The Ultimate Guide to Requirements

Paycheck Stub Requirements According to State

Though almost all employees now receive their salaries through direct bank deposit, many small businesses that have stuck with using paper checks for their payroll.

Employers are not required by the Fair Labor Standards Act (FLSA) to provide pay stubs, but they are required to keep accurate records of their workers’ wages and hours rendered. Therefore, prior to choosing how to go about employee payments, make state compliance a priority.

States with NO Pay Stub Requirements

There are presently nine states with no requirement for employers to hand out pay stubs to workers, but if chosen by the employers, pay stubs may be given in electronic format. These states include:

Alabama
Arkansas
Florida
Georgia
Louisiana
Mississippi
Ohio
South Dakota
Tennessee

States Requiring ACCESS to Pay Details

In some states, on the other hand, employers are required to furnish employees with pay stubs that break down their pay information. But it is not necessary to provide the pay statement on paper. Here are the said states:

Alaska
Arizona
Idaho
Illinois
Indiana
Kansas
Kentucky
Maryland
Michigan
Missouri
Montana
Nebraska
Nevada
New Hampshire
New Jersey
New York
North Dakota
Oklahoma
Pennsylvania
Rhode Island
South Carolina
Utah
Virginia
West Virginia
Wisconsin
Wyoming

A logical understanding of the law suggests that compliance with pay stub requirements in this states can be done electronically. In any case, employees should be able to access the electronic or digital pay stubs.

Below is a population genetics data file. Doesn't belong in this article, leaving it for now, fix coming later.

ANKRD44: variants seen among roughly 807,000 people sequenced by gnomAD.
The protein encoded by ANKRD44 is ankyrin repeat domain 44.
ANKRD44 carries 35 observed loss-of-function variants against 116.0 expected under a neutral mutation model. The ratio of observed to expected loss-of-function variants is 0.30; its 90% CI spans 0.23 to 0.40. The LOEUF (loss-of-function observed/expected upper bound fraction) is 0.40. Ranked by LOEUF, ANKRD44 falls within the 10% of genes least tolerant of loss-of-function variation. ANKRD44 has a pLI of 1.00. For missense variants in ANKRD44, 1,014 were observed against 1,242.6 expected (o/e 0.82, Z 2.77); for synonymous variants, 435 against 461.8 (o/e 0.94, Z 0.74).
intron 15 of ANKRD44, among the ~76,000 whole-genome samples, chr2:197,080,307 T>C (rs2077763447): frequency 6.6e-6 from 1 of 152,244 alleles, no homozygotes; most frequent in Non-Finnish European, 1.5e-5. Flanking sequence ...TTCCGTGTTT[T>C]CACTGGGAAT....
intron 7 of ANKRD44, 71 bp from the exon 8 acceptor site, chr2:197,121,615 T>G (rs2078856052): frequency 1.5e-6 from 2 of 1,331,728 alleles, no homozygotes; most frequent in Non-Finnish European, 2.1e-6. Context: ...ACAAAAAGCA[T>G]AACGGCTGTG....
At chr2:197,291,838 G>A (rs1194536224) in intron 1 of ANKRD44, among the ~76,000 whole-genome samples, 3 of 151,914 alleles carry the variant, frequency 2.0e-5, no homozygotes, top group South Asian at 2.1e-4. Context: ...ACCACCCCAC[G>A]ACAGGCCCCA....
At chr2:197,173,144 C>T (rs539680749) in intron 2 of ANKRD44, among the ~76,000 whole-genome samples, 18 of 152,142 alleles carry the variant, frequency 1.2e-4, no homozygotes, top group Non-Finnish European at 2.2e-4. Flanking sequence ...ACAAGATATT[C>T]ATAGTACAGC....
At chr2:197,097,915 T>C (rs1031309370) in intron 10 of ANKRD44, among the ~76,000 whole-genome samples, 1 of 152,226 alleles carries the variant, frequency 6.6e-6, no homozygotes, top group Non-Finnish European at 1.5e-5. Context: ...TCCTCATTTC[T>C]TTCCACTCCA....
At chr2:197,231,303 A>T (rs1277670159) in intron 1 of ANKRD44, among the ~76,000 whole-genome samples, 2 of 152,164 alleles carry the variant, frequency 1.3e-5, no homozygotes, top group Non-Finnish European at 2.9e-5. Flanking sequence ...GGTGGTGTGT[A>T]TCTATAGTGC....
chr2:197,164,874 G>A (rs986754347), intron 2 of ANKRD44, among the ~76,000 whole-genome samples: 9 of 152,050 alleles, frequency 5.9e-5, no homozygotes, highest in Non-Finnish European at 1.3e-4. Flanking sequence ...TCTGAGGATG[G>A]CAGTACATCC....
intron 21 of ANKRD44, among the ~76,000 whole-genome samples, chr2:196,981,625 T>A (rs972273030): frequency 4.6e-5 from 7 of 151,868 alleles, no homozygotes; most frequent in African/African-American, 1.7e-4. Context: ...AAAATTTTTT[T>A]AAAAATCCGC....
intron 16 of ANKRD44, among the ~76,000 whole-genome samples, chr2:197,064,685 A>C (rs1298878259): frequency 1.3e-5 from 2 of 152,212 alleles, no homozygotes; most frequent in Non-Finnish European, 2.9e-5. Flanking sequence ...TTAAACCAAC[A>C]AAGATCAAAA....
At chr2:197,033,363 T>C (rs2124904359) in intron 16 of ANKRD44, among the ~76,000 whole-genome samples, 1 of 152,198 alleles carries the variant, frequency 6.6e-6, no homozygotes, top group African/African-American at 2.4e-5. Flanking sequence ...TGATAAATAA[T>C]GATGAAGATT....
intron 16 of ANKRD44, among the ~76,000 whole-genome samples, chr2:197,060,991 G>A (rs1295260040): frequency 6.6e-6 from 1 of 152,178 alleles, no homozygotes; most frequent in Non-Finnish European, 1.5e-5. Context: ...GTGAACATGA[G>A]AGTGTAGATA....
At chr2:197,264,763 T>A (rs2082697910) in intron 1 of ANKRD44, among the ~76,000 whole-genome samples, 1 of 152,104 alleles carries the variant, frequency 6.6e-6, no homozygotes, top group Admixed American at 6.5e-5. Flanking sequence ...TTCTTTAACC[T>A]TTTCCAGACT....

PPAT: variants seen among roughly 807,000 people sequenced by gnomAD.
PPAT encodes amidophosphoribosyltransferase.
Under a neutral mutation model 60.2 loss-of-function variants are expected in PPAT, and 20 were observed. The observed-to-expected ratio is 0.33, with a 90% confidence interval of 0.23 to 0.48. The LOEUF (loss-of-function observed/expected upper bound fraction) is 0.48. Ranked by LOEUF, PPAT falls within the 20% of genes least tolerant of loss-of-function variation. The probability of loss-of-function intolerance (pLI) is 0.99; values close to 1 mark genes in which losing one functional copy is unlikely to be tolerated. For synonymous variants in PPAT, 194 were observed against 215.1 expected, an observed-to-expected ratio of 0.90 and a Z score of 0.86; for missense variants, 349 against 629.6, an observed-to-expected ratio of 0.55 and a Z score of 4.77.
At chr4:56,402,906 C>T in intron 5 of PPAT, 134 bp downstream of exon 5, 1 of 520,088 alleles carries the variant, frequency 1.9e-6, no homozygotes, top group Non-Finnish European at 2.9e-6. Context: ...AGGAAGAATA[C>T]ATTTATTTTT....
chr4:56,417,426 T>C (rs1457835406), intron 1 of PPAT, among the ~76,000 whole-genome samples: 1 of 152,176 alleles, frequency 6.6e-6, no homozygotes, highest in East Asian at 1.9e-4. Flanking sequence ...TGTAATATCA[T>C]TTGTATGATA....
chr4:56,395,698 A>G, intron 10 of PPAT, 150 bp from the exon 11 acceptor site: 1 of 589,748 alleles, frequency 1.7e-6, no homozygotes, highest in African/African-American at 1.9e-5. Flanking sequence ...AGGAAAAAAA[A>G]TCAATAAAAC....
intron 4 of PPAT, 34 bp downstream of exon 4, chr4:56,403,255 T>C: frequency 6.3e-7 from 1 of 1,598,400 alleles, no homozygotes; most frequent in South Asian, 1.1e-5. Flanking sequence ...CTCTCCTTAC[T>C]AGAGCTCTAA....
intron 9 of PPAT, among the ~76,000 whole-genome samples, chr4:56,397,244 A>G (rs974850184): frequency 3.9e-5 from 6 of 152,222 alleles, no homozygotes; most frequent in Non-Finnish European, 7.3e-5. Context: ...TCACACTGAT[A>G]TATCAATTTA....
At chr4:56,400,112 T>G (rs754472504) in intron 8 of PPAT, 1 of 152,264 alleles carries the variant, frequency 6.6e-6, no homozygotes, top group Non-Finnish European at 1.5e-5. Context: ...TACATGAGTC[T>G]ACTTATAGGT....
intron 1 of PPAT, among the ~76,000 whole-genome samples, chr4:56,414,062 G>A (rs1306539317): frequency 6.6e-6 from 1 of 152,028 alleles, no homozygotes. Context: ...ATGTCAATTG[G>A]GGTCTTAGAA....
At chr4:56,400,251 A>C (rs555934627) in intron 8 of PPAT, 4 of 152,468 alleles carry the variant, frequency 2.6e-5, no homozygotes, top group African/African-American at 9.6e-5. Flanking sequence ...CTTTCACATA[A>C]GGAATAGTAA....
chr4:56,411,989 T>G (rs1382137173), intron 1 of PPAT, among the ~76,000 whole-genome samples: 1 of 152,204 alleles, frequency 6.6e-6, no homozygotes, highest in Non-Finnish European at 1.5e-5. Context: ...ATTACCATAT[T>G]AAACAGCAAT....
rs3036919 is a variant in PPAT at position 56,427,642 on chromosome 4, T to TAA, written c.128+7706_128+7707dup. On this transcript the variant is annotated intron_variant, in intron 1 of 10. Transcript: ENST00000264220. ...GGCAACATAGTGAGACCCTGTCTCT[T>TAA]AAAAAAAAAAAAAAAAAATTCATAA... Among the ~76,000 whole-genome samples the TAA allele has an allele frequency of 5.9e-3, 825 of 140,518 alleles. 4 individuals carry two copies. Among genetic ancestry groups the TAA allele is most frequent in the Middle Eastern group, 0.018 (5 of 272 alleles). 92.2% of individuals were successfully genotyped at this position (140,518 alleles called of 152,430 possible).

Keep in mind though that even with most states adopting this interpretation, some state agencies may require more items – for example, the ability to print the electronic pay stubs.

States that Require Pay Information ACCESS AND PRINT Capability

In some states, employers must provide employees a printed or written statement detailing the worker’s pay information. However, these pay statements need not be delivered along with the check or through another method. The logic is that an employer can comply with this particular requirement by giving workers electronic pay stubs that they can print. It is the reponsibility of employers to ensure that their workers have access to the pay stubs and will actually be able to print them.

Again, some state agencies may have additional requirements – for example, the worker consenting to receive his or her pay stubs electronically. These are the states where the above applies:

California
Colorado
Connecticut
Iowa
Maine
Massachusetts
New Mexico
North Carolina
Texas
Vermont
Washington

Opt-In/Opt-Out

At present, Hawaii is the only state which requires worker consent before an electronic pay system can be implemented. Unless the employee has agreed to receive electronic pay statements, the employer has to furnish them with a printed or written pay stub.

If the state chooses a certain means of delivery, like on the pay envelope or pay check, the employee must agree to electronic delivery. If employers in an opt-out states – Delaware, Minnesota and Oregon, implement a paperless pay system, their employees must be able to opt-out so they can go back to receiving their pay information in written or printed pay stubs again.